In my previous post, I listed three atheist books that helped me to change the way I view the world. Just to recap, they were: 1) Prisoner for Blasphemy by G.W. Foote, 2) Meditations by Marcus Aurelius, and 3) Demon Haunted World by Carl Sagan.
As I was thinking of atheistic books and books written by atheists I wanted to share three more which I think everybody should read. While the first books which influenced my thinking dealt with mainly the philosophical aspects to religious belief, these next three deal more with the science behind human cognition and the nature of belief itself.
1. Atheism Advanced
Anthropologist David Eller’s book Natural Atheism set the grounds for how all religion is inevitably the creation of mankind. His case is more than convincing, but it that wasn’t enough, his follow up to the first book, Atheism Advanced, actually advances the implications of secular philosophy, such as Humanism, and Eller takes and in depth look at how all religion inevitably has a humanistic threat weaving throughout, because unlike the teachings of religion which claim to be from the divine, Eller advances a theory which shows all religions have humanistic elements because they come from us humans.
In Atheism Advanced Eller explains quite precisely why we must discredit religion with atheism (pull back the curtain in other words and reveal that God’s are just mortal men creating mere phantasms to act as their voices in order to trick the human race into heeding their own selfish needs). Eller makes a convincing case that it’s not just a matter of letting bygones be bygones, but rather, a means to an end. It’s one of the reasons I get frustrated when religious people accuse atheists of attacking their precious faith–as if it were an injustice. Well, actually the opposite seems to be true. Such attacks are necessary if you care anything about getting to the truth of a matter, and much like pseudoscience, religious claims which are patently false actually work to retard society and cripple good critical thinking. Hence, debunking religion becomes a necessary form of justice. It doesn’t mean we have to stop appreciating the religious myths, but only to realize that they are myths, and not confuse them for reality.
2. Religion Explained
Coined a cognitive anthropologist, Pascal Boyer goes one further than Eller than simply making the anthropological connections which reveal the origin of religion rooted in the imagination of mankind, Boyer actually shows it by providing an evolutionary explanation for the rise of religious belief and practice! Relying on anthropology, biology, psychology, and cutting edge neuroscience, Boyer’s cross-disciplinary investigation into religion reveals exactly how the human mind fabricates myth, creates religious practices, and psychologically tricks itself into believing its own delusions as real.
This book is a must read. It’s the one book that shattered my last and final reservations that there could possibly be something more to religion–something transcendent. Nope. After reading this book my atheism was forever solidified. Boyer destroys any such notion that religious belief could be anything more than mere human fancy by showing how religious beliefs arise, evolve, and take hold and root themselves in human culture and society.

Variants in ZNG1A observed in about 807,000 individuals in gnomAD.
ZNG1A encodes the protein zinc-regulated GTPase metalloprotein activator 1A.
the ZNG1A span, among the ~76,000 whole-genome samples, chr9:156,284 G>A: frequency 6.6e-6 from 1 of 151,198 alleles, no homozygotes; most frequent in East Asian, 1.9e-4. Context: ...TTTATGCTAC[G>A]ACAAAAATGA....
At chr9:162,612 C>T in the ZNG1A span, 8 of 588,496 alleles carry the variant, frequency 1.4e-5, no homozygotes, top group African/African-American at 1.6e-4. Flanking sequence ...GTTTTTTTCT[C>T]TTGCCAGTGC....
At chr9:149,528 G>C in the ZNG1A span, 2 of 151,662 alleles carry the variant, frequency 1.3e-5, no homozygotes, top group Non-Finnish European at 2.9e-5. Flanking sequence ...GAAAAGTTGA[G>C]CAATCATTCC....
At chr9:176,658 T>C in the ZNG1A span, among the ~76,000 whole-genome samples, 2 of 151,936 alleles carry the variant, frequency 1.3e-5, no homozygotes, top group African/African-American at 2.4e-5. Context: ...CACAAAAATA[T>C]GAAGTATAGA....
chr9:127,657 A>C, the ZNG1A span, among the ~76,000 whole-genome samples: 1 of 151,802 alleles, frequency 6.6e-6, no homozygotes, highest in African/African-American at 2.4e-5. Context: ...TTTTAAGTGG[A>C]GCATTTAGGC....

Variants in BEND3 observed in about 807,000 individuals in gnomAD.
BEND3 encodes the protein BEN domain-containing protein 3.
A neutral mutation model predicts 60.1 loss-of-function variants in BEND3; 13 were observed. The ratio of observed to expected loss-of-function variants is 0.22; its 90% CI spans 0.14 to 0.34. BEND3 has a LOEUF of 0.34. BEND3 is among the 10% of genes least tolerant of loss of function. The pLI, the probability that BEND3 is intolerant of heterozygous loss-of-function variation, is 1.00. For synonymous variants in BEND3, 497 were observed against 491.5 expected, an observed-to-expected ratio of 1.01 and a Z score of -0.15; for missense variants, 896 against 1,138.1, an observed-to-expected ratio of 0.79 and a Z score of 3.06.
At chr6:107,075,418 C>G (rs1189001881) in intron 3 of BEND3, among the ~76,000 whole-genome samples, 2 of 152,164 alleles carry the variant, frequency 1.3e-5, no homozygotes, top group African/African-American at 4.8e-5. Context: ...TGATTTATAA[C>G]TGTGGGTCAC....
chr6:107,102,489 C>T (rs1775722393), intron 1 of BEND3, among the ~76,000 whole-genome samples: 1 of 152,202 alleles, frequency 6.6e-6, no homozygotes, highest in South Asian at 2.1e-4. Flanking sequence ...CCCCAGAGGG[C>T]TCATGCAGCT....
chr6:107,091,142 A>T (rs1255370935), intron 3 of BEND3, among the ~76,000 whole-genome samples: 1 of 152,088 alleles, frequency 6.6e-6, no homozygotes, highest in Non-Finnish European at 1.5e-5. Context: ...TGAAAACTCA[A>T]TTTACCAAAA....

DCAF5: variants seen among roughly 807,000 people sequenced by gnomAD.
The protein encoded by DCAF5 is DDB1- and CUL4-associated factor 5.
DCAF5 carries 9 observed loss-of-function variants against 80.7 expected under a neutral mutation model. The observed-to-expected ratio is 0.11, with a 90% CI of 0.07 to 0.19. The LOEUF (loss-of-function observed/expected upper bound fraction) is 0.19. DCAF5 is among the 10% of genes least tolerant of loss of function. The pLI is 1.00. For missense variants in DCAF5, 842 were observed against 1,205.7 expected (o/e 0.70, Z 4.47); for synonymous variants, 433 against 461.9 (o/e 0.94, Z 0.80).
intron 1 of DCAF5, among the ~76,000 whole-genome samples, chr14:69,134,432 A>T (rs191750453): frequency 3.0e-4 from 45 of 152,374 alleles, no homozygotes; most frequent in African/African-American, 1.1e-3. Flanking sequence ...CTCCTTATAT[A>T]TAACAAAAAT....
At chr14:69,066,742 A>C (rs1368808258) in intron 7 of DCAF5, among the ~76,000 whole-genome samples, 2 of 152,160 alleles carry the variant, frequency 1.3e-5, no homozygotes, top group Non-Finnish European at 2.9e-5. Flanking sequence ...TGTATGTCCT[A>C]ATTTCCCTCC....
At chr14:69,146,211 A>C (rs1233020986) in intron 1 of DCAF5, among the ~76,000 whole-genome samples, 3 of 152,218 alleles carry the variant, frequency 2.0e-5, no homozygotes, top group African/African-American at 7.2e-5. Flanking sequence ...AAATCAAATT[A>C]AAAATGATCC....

3. The Belief Instinct
If Boyer’s account of how religious beliefs arise wasn’t enough to convince you, Jesse Bering provides the icing on the cake. After reading Bering’s book, The Belief Instinct, I was convinced that all three men, Eller, Boyer, and Bering weren’t just theorizing about the origins of religious belief. In actuality, they were making astute observations about the nature of religious belief and providing extremely detailed connections between human cognition and psychology which aptly explained the origins of religious belief.
Bering demonstrates the foundations of religious thought are based on cognition that is much more ingrained within the workings of the human mind than any religious expression or faith based experience may hint at. Once Bering shows how the mind works, how belief are generated, and our limitations with regard to both, most all religious experience seems superficial if not entirely redundant. But Bering explains the technical aspects of cognitive science in a way that is both accessible and easy to read. In addition, his book is surprisingly funny. Something which made reading it seem all the more enjoyable.
After reading all three books I came away with a deeper appreciation for religion. That might sound strange when you consider that these books use the tools of science to dismantle religion and show that it’s a mere psychological byproduct of human imagination and experience. But I found that once I understood how the mind worked, at least well enough to see the connections that Eller, Boyer, and Bering suggest are very real cognitive functions of the human mind, religious belief made a lot more sense to me.
The crazy religious beliefs as well as the beneficial beliefs worth saving suddenly made sense as they all neatly fit under an umbrella of scientific understanding. In turn, this helped me make sense of why religion is the way it is and why people believe the way they do.
Once you understand these things a little more clearly, then the rest doesn’t bother you as much as when you get frustrated because you couldn’t possibly understand how so many people could be so deluded, delusional, and willing to live a lie! Well, as Paul Harvey used to say, now I know the rest of the story.